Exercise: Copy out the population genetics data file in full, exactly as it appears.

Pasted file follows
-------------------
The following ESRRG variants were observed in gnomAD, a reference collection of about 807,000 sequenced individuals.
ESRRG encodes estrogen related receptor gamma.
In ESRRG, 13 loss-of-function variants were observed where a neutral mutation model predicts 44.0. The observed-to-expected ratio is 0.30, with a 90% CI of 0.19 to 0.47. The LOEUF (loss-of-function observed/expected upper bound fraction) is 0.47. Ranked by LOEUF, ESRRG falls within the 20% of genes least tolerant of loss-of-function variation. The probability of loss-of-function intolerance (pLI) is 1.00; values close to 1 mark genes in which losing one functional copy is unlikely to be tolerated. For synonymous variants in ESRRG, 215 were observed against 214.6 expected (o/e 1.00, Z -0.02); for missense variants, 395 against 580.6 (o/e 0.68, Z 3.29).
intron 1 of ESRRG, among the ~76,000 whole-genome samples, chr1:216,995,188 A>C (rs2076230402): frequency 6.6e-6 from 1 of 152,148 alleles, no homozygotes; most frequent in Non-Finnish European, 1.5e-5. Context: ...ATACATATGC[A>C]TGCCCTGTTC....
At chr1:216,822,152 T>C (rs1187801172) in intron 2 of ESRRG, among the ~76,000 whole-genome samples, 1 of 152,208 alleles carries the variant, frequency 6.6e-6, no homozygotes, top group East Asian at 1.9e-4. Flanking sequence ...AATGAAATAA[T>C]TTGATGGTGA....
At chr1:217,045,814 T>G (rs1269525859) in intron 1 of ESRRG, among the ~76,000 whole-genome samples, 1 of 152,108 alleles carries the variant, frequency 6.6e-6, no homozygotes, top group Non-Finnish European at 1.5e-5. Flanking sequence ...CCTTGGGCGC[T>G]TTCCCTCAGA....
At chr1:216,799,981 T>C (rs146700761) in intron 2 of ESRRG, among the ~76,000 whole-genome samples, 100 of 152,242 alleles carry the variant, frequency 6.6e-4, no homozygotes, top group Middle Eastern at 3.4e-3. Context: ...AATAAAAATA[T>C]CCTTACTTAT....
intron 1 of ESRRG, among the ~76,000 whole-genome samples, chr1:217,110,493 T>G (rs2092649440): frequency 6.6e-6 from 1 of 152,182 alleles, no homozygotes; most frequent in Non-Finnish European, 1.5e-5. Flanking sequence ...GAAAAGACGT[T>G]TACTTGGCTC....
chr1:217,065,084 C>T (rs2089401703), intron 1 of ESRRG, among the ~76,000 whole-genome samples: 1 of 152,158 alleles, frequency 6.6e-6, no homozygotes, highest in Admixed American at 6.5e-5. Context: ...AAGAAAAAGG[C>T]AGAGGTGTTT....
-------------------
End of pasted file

The following ESRRG variants were observed in gnomAD, a reference collection of about 807,000 sequenced individuals.
ESRRG encodes estrogen related receptor gamma.
In ESRRG, 13 loss-of-function variants were observed where a neutral mutation model predicts 44.0. The observed-to-expected ratio is 0.30, with a 90% CI of 0.19 to 0.47. The LOEUF (loss-of-function observed/expected upper bound fraction) is 0.47. Ranked by LOEUF, ESRRG falls within the 20% of genes least tolerant of loss-of-function variation. The probability of loss-of-function intolerance (pLI) is 1.00; values close to 1 mark genes in which losing one functional copy is unlikely to be tolerated. For synonymous variants in ESRRG, 215 were observed against 214.6 expected (o/e 1.00, Z -0.02); for missense variants, 395 against 580.6 (o/e 0.68, Z 3.29).
intron 1 of ESRRG, among the ~76,000 whole-genome samples, chr1:216,995,188 A>C (rs2076230402): frequency 6.6e-6 from 1 of 152,148 alleles, no homozygotes; most frequent in Non-Finnish European, 1.5e-5. Context: ...ATACATATGC[A>C]TGCCCTGTTC....
At chr1:216,822,152 T>C (rs1187801172) in intron 2 of ESRRG, among the ~76,000 whole-genome samples, 1 of 152,208 alleles carries the variant, frequency 6.6e-6, no homozygotes, top group East Asian at 1.9e-4. Flanking sequence ...AATGAAATAA[T>C]TTGATGGTGA....
At chr1:217,045,814 T>G (rs1269525859) in intron 1 of ESRRG, among the ~76,000 whole-genome samples, 1 of 152,108 alleles carries the variant, frequency 6.6e-6, no homozygotes, top group Non-Finnish European at 1.5e-5. Flanking sequence ...CCTTGGGCGC[T>G]TTCCCTCAGA....
At chr1:216,799,981 T>C (rs146700761) in intron 2 of ESRRG, among the ~76,000 whole-genome samples, 100 of 152,242 alleles carry the variant, frequency 6.6e-4, no homozygotes, top group Middle Eastern at 3.4e-3. Context: ...AATAAAAATA[T>C]CCTTACTTAT....
intron 1 of ESRRG, among the ~76,000 whole-genome samples, chr1:217,110,493 T>G (rs2092649440): frequency 6.6e-6 from 1 of 152,182 alleles, no homozygotes; most frequent in Non-Finnish European, 1.5e-5. Flanking sequence ...GAAAAGACGT[T>G]TACTTGGCTC....
chr1:217,065,084 C>T (rs2089401703), intron 1 of ESRRG, among the ~76,000 whole-genome samples: 1 of 152,158 alleles, frequency 6.6e-6, no homozygotes, highest in Admixed American at 6.5e-5. Context: ...AAGAAAAAGG[C>T]AGAGGTGTTT....